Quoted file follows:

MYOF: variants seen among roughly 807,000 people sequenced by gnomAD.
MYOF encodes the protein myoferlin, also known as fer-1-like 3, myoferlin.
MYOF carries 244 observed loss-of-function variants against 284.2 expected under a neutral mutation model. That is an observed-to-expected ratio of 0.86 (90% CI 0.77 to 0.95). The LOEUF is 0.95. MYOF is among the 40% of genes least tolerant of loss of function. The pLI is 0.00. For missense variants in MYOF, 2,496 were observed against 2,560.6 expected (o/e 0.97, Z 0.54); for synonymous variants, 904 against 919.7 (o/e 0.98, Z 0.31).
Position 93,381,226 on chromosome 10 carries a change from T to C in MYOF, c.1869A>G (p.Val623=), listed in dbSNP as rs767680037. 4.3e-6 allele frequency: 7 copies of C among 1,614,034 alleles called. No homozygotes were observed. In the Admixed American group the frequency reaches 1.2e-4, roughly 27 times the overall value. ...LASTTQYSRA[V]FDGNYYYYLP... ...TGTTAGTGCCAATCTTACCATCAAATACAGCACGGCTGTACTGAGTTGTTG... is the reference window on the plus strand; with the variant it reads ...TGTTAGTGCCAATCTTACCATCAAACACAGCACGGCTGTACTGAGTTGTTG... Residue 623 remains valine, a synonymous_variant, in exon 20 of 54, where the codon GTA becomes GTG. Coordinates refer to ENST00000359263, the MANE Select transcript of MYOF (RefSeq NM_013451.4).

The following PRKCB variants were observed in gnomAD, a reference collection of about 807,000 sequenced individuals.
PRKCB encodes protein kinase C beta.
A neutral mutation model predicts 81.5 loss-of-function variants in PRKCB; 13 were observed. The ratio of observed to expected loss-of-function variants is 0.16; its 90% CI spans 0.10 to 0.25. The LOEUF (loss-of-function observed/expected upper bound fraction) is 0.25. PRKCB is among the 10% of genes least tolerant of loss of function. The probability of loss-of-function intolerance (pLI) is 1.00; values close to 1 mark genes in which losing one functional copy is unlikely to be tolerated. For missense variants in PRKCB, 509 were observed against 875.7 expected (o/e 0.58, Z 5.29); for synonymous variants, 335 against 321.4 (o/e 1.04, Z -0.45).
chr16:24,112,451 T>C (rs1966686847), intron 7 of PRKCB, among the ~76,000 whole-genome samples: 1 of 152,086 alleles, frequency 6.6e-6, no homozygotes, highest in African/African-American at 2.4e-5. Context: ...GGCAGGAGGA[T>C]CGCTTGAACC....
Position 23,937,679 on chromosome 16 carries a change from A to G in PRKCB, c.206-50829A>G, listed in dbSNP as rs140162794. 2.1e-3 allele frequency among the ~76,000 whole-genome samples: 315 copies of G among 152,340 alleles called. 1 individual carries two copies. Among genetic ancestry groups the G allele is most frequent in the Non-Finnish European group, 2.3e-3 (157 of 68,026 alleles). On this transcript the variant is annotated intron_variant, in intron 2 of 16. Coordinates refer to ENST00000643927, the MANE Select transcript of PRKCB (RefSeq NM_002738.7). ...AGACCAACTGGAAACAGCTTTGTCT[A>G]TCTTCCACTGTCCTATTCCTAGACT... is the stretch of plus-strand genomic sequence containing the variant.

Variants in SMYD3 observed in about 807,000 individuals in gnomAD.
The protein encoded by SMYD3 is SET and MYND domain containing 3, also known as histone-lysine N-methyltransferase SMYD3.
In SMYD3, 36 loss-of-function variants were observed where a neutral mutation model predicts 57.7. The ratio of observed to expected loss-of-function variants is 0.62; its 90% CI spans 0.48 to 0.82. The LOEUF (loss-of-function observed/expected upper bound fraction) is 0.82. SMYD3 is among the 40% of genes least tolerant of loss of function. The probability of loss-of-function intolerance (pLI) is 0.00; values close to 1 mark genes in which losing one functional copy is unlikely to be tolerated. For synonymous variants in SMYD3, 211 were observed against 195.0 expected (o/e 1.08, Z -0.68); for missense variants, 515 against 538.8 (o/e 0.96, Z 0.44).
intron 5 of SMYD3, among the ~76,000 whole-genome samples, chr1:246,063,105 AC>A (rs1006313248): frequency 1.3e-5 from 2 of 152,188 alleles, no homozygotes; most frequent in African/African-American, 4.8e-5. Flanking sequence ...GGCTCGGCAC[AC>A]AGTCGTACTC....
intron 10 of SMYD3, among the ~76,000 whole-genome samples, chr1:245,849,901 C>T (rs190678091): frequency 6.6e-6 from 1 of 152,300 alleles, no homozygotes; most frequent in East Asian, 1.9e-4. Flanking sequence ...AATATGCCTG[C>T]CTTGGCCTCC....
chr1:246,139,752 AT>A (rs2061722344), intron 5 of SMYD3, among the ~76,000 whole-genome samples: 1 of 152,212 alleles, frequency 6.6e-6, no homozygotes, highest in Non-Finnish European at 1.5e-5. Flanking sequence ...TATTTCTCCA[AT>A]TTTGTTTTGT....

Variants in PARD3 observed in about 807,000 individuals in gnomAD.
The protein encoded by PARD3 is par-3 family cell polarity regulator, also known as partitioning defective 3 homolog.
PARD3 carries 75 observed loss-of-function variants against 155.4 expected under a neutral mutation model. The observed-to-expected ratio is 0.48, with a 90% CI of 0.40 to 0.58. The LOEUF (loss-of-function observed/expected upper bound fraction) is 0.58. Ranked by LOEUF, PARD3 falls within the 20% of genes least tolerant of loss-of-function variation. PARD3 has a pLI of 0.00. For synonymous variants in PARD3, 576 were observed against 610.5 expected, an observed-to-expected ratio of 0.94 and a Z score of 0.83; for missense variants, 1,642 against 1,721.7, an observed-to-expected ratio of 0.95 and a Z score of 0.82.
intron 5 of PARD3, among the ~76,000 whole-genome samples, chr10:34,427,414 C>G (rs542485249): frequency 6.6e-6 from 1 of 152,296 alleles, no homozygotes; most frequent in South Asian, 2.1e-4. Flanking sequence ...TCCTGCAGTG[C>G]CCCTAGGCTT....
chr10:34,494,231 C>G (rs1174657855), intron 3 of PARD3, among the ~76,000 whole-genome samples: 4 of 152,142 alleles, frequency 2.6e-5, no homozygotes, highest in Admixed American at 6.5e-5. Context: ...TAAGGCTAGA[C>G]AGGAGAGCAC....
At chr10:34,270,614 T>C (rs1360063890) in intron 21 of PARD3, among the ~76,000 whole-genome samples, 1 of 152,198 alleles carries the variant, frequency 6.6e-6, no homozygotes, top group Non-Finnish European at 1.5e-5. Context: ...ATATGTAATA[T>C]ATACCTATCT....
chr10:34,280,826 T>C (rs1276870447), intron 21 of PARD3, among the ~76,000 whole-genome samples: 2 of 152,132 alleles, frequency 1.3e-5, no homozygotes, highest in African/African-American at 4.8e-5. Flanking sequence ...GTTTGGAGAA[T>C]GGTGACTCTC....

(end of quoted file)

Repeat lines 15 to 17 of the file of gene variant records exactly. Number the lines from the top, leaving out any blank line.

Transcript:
chr1:246,139,752 AT>A (rs2061722344), intron 5 of SMYD3, among the ~76,000 whole-genome samples: 1 of 152,212 alleles, frequency 6.6e-6, no homozygotes, highest in Non-Finnish European at 1.5e-5. Flanking sequence ...TATTTCTCCA[AT>A]TTTGTTTTGT....

Variants in PARD3 observed in about 807,000 individuals in gnomAD.
The protein encoded by PARD3 is par-3 family cell polarity regulator, also known as partitioning defective 3 homolog.